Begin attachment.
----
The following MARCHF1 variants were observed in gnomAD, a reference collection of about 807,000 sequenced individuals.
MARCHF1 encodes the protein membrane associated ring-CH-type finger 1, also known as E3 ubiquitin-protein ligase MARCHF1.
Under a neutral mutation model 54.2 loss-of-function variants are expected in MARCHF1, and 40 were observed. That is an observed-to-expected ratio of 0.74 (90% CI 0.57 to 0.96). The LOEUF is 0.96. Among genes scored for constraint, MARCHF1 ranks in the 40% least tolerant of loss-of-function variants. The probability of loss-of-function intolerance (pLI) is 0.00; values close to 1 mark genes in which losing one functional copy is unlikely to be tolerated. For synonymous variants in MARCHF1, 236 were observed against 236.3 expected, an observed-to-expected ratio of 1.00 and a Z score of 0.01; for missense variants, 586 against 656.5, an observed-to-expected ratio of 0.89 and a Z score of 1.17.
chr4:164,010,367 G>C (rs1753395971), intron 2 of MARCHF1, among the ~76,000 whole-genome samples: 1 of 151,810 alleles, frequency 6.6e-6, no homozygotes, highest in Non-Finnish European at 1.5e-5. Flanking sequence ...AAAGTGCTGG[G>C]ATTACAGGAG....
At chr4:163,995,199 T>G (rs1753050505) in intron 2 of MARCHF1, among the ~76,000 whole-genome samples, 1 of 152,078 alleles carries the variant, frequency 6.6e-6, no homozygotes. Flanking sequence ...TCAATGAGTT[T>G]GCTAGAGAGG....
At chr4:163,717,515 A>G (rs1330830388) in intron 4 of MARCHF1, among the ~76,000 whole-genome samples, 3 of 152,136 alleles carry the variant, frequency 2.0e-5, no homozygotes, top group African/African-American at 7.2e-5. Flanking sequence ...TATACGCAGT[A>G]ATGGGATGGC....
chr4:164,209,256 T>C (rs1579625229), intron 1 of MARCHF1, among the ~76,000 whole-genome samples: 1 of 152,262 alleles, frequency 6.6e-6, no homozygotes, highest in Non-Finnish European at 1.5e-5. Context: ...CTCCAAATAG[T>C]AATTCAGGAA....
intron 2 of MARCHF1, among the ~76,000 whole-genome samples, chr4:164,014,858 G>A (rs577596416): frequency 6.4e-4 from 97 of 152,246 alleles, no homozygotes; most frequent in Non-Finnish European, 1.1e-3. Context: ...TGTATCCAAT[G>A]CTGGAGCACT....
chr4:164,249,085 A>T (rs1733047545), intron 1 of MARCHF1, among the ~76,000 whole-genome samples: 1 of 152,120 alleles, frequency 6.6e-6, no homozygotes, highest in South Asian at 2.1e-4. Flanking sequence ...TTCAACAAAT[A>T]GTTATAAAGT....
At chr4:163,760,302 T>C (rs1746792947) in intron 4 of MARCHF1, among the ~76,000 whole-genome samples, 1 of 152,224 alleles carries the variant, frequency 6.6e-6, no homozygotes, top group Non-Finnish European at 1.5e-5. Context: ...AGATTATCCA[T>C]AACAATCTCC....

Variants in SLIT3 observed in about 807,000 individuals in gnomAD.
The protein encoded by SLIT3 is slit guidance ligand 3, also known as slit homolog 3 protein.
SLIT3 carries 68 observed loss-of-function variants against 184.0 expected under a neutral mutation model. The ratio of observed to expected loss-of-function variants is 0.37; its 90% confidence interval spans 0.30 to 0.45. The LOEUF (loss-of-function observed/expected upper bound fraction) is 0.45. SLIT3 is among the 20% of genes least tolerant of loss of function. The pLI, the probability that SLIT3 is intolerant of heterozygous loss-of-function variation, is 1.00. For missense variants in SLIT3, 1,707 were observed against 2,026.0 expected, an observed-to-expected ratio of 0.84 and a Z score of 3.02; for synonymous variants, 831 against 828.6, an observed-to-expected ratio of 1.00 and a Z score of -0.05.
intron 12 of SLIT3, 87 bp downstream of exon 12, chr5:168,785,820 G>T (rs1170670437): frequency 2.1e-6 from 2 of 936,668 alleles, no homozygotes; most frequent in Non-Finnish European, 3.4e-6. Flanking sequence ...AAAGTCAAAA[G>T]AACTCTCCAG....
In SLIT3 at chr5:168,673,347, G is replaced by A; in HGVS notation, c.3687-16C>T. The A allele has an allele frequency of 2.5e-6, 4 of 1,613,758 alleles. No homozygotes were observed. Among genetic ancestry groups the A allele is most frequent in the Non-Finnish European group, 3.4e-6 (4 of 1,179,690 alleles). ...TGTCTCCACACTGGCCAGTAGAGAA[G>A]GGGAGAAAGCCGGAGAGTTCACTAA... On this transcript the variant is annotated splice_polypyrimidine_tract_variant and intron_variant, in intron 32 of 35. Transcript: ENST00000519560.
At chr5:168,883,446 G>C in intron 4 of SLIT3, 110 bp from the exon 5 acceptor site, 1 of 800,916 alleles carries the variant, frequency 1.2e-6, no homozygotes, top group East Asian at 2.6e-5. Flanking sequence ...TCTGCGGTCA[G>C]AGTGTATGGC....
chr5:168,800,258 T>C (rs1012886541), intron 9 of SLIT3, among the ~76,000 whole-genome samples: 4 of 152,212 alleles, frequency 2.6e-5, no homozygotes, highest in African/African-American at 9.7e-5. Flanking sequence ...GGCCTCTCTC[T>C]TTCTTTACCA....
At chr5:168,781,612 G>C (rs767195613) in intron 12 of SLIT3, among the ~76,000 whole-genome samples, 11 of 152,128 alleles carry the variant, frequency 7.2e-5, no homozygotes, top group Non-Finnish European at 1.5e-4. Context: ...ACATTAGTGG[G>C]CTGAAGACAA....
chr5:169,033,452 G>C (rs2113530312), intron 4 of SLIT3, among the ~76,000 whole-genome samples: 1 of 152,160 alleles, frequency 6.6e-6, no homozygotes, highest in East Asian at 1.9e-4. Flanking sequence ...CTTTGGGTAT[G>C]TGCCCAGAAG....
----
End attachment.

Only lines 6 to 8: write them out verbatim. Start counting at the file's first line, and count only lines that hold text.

At chr4:163,717,515 A>G (rs1330830388) in intron 4 of MARCHF1, among the ~76,000 whole-genome samples, 3 of 152,136 alleles carry the variant, frequency 2.0e-5, no homozygotes, top group African/African-American at 7.2e-5. Flanking sequence ...TATACGCAGT[A>G]ATGGGATGGC....
chr4:164,209,256 T>C (rs1579625229), intron 1 of MARCHF1, among the ~76,000 whole-genome samples: 1 of 152,262 alleles, frequency 6.6e-6, no homozygotes, highest in Non-Finnish European at 1.5e-5. Context: ...CTCCAAATAG[T>C]AATTCAGGAA....
intron 2 of MARCHF1, among the ~76,000 whole-genome samples, chr4:164,014,858 G>A (rs577596416): frequency 6.4e-4 from 97 of 152,246 alleles, no homozygotes; most frequent in Non-Finnish European, 1.1e-3. Context: ...TGTATCCAAT[G>A]CTGGAGCACT....